European election: UKIP is on the march in Wales
So nothing really changed in the end. Wales will be represented by one member each from Labour, UKIP, the Conservatives and Plaid.
And yet behind the main headline that Labour topped the poll after losing to the Conservatives five years ago, an awful lot has changed.
UKIP's 28.1% share of the vote puts the notion to bed that somehow the party is a reflection of a trend in England.
The sheer breadth of its vote shows that it has support in many diverse parts of Wales.
It also shows that the party is capable of taking votes from across the spectrum, and not just the Conservatives.
And most strikingly, UKIP is capable of taking a significant number of votes from people in the Labour-supporting heartland.
Nigel Farage says the single most remarkable result for UKIP was coming so close to Labour in Wales.
UKIP's MEP for Wales Nathan Gill always insisted that immigration was a huge issue on the doorstep in Wales, like it is in other parts of the UK.
And his claims about the lack of impact of EU funding in Wales must also have gone down well with some sections of the electorate.
In the end, UKIP took chunks out of the Labour vote and in doing so saved Plaid by preventing Labour pulling ahead and winning a second seat.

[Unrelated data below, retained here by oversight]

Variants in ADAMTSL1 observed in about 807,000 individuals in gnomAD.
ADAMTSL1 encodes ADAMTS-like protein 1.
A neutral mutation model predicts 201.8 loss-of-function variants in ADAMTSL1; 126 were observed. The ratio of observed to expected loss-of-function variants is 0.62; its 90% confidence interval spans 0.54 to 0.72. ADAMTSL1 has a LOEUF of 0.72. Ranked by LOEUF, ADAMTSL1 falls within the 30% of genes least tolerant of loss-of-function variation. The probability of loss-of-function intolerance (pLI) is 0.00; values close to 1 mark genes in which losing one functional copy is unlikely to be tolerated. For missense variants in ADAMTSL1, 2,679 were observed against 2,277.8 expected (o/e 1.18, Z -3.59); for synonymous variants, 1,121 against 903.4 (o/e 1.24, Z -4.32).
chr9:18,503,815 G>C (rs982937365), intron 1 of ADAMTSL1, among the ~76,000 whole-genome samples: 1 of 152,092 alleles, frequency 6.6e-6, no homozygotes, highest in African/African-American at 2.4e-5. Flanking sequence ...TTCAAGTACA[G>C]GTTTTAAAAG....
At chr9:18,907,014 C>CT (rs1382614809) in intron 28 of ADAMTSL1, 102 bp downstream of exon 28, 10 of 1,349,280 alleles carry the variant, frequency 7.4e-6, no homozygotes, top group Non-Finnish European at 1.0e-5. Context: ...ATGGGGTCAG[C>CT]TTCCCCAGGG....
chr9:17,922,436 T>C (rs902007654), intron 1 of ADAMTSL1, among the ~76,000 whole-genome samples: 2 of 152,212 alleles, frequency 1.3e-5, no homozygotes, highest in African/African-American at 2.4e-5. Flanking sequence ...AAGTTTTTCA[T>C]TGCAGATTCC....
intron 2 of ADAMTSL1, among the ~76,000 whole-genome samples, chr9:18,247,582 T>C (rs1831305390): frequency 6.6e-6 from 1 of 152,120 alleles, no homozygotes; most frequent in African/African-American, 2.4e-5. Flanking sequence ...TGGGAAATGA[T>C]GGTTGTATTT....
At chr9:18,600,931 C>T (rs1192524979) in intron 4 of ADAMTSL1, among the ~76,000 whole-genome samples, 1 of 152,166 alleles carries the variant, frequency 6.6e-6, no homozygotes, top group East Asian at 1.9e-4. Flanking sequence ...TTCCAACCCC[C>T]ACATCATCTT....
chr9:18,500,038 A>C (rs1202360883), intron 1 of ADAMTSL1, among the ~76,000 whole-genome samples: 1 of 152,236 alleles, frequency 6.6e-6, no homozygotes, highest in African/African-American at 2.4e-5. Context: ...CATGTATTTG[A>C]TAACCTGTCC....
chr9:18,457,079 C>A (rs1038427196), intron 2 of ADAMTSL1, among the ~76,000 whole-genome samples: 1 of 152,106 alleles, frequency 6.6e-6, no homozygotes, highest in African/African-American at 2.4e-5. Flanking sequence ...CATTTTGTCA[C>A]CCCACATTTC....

There's a delicious irony here considering that in Plaid's spring conference, Leanne Wood said: "A vote for UKIP is a vote against the Welsh national interest."
Plaid says the strategy of targeting UKIP was vindicated because it led to some strong performances, particularly in Gwynedd, which was enough to return Jill Evans to Brussels.
The big question now is what the rise of UKIP means for the general election next year and the assembly elections in 2016.
Despite the clear strength of support for UKIP in parts of north Wales in particular, it's difficult to think of parliamentary seats where it could win.
But the party could still have a bearing in deciding the outcome of seats when many more people will turn out to vote next year.
In Pembrokeshire, UKIP came a close second to the Conservatives. If it is successful in attracting Labour supporters in the county, will it harm Labour's chances in the two seats it is targeting there?
Will UKIP's influence in the Vale of Glamorgan have more of an impact on the Conservatives than Labour?
And will the traditional Labour and Conservative voters who have had a fling with UKIP in the Euros return to the marital home for the general election? These are all questions no-one knows the answer to yet but will be pored over in the months ahead.